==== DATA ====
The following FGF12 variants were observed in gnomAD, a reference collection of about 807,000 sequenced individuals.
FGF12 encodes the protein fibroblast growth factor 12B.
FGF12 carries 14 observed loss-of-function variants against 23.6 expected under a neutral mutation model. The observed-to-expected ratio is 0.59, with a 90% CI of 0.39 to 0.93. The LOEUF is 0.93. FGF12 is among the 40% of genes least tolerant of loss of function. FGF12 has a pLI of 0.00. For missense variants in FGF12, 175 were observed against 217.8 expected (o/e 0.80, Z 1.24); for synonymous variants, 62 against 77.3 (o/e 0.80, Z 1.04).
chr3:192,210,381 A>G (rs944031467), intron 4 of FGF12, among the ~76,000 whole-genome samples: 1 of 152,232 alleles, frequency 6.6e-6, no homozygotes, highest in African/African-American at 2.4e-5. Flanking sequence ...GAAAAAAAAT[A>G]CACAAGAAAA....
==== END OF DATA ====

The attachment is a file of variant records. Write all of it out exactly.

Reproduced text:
The following FGF12 variants were observed in gnomAD, a reference collection of about 807,000 sequenced individuals.
FGF12 encodes the protein fibroblast growth factor 12B.
FGF12 carries 14 observed loss-of-function variants against 23.6 expected under a neutral mutation model. The observed-to-expected ratio is 0.59, with a 90% CI of 0.39 to 0.93. The LOEUF is 0.93. FGF12 is among the 40% of genes least tolerant of loss of function. FGF12 has a pLI of 0.00. For missense variants in FGF12, 175 were observed against 217.8 expected (o/e 0.80, Z 1.24); for synonymous variants, 62 against 77.3 (o/e 0.80, Z 1.04).
chr3:192,210,381 A>G (rs944031467), intron 4 of FGF12, among the ~76,000 whole-genome samples: 1 of 152,232 alleles, frequency 6.6e-6, no homozygotes, highest in African/African-American at 2.4e-5. Flanking sequence ...GAAAAAAAAT[A>G]CACAAGAAAA....